The sorry state of American infrastructure is once again our focus. This time the peg is the Oroville Dam in California. It is the U.S.’s tallest dam, and it is in trouble. An emergency spillway was damaged, causing evacuation of 188,000 Californians.
State and federal officials ignored the warnings of environmental groups who for more than a decade have been asking them to reinforce the dam’s spillway.
How did we get to this sorry state? The short answer is partisan politics, informed by bad ideology and a focus on little more than the next election.
Does anything reflect the state of American short-termism more than the slow, inevitable decay and eventual failure of key components of our transportation, electrical, water and sanitation systems? These are the most basic services government provides. The inability to do what so many other developed nations do so much better is why I have called each of the past 10 Congresses “the worst ever.”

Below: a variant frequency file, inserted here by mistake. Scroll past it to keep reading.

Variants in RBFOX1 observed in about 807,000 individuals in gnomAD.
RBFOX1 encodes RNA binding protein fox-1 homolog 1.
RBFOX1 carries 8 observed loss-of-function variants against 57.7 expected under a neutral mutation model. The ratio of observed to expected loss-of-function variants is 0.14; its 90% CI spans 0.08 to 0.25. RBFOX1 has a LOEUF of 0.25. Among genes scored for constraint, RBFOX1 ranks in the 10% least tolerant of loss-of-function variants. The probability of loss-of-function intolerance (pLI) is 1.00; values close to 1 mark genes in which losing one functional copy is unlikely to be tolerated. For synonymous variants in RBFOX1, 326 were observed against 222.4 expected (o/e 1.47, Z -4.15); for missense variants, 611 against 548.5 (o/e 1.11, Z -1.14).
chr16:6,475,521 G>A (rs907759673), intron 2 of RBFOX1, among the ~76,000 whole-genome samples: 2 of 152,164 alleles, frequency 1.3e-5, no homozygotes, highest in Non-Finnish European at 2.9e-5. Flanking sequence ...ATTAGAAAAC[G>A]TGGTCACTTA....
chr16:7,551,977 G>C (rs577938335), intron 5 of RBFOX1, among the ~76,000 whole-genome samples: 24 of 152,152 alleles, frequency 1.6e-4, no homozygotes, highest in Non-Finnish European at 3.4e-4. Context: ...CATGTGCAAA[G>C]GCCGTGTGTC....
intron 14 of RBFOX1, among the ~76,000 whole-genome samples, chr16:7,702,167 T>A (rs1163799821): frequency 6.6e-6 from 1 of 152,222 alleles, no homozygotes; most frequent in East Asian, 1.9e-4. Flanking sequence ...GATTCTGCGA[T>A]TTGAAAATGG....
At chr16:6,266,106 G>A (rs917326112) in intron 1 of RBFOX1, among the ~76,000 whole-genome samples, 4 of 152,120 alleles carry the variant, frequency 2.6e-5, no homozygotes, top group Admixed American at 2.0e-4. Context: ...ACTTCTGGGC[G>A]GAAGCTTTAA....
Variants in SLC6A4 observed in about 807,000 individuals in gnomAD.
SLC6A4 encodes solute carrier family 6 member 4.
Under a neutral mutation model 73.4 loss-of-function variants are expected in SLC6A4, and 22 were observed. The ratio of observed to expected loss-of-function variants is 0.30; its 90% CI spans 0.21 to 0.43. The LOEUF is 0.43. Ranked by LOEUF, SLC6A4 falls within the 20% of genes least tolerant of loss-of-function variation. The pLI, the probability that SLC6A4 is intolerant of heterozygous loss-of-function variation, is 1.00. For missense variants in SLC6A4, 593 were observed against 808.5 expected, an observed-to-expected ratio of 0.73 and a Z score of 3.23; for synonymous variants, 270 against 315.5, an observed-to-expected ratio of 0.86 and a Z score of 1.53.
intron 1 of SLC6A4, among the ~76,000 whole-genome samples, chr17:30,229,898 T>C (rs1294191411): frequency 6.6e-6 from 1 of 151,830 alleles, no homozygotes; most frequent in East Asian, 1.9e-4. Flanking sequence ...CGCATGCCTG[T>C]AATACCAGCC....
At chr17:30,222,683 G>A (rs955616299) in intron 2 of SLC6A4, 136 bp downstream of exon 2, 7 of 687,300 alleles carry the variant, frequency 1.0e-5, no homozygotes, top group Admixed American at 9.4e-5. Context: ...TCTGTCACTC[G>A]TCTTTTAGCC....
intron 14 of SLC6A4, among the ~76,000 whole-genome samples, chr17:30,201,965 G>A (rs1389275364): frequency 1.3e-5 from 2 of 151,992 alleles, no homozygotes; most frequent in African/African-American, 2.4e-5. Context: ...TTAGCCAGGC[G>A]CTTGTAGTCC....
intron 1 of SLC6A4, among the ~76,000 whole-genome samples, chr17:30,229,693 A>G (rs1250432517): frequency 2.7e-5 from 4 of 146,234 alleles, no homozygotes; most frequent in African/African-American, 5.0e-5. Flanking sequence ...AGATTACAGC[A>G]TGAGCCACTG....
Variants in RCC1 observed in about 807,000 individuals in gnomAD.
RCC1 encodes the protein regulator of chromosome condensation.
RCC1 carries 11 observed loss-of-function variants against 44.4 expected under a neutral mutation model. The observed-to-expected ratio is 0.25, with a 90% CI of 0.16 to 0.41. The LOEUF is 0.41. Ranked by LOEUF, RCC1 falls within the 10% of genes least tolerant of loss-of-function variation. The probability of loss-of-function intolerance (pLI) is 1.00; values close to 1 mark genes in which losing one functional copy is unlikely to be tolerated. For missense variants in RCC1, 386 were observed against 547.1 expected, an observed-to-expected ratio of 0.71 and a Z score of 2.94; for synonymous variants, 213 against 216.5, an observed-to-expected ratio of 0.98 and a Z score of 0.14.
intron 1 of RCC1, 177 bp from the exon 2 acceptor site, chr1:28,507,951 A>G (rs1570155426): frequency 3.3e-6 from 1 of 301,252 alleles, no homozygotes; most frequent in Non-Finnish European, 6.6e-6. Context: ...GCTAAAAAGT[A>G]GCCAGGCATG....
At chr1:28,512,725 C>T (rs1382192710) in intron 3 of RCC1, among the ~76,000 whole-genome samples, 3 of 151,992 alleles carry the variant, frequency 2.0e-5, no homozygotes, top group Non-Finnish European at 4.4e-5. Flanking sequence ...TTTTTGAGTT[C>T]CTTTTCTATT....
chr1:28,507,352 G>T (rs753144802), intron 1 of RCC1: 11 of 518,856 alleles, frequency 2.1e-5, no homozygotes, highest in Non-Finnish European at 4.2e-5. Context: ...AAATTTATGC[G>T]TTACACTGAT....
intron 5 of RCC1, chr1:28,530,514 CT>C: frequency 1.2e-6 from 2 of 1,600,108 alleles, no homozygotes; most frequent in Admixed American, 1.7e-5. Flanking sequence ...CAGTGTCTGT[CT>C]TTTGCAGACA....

Both political parties are to blame — but rather than engage in the classic false equivalency debate, let’s consider how each has contributed to the current dismal state of affairs. I am not so much looking to cynically assess blame as I am to optimistically find the silver lining in this dark structural cloud.
Let’s go back a few years to 2009, when the new Barack Obama administration got Congress to pass the American Recovery and Reinvestment Act, a stimulus package meant to blunt the recession touched off by the financial crisis. This $800 billion program was mostly about the very short term, and not about long-term investment.
Continues at: Failing Dam Is a Symbol of U.S. Infrastructure